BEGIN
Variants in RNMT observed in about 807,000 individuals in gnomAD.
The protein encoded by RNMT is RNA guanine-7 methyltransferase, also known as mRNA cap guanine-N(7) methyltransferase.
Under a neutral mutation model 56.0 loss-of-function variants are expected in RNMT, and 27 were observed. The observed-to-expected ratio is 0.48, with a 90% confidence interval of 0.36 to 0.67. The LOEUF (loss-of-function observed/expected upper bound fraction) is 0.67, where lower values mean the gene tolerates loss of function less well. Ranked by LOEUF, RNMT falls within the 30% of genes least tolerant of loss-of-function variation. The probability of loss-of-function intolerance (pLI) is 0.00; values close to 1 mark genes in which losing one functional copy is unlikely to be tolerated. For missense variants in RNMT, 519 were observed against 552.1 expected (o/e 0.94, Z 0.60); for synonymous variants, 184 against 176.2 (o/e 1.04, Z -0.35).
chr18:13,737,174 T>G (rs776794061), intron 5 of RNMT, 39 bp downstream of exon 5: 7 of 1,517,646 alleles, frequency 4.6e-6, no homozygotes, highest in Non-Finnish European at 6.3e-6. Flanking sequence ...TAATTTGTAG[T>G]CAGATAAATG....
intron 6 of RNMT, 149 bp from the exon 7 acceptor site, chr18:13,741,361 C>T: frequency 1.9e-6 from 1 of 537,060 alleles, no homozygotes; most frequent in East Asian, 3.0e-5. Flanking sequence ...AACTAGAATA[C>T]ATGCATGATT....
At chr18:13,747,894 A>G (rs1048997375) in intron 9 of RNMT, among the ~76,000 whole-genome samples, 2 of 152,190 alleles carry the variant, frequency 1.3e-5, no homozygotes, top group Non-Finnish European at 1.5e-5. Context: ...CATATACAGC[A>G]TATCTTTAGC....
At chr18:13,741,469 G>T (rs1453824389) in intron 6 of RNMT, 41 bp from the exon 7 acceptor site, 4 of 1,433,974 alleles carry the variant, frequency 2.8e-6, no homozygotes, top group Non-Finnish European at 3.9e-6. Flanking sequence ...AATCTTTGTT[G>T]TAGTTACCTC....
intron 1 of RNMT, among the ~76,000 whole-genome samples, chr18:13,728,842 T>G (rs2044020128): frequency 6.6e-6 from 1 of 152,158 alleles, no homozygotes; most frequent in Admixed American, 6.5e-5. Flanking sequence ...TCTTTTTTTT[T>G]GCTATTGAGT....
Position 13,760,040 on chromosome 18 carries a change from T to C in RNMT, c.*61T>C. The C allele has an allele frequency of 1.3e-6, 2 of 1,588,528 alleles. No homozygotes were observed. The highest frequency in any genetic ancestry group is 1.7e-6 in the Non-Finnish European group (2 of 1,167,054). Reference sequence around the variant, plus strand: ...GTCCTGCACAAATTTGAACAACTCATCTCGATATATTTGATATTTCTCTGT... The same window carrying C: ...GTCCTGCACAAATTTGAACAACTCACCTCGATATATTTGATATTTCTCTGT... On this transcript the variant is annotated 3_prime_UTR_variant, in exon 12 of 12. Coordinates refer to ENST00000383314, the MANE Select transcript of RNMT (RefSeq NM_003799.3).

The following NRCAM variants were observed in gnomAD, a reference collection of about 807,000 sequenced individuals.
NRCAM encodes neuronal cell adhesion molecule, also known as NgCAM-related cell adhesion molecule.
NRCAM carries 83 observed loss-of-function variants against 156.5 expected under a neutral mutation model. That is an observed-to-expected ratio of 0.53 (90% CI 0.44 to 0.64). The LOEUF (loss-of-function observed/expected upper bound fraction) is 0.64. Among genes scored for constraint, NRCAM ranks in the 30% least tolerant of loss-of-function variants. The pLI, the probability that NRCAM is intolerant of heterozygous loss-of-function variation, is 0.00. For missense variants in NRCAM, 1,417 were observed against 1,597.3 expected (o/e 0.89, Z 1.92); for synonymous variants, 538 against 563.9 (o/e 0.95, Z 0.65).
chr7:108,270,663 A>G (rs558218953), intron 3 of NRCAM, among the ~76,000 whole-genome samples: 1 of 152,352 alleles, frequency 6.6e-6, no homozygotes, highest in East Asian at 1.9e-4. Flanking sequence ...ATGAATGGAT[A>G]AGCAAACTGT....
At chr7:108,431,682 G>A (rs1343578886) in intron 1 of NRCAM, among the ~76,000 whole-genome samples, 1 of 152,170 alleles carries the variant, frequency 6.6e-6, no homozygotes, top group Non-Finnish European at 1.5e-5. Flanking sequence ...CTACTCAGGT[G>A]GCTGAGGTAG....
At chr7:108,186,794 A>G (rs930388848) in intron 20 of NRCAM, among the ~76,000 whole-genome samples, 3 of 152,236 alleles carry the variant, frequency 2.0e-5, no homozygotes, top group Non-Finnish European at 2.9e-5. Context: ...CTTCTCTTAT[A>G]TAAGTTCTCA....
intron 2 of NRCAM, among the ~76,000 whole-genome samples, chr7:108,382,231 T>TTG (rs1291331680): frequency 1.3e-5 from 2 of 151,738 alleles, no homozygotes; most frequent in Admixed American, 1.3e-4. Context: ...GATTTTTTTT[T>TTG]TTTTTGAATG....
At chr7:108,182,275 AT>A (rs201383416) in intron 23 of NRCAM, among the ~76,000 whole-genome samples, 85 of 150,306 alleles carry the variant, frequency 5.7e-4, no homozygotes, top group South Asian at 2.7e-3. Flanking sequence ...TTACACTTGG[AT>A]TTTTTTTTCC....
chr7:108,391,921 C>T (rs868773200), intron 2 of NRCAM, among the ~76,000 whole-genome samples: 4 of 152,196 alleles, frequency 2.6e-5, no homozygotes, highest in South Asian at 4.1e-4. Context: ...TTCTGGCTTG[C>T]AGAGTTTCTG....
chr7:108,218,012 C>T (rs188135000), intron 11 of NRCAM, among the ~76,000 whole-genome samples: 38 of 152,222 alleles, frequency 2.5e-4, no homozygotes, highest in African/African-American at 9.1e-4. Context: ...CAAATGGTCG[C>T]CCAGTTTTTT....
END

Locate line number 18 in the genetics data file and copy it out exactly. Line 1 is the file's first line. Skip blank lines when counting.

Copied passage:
chr7:108,391,921 C>T (rs868773200), intron 2 of NRCAM, among the ~76,000 whole-genome samples: 4 of 152,196 alleles, frequency 2.6e-5, no homozygotes, highest in South Asian at 4.1e-4. Context: ...TTCTGGCTTG[C>T]AGAGTTTCTG....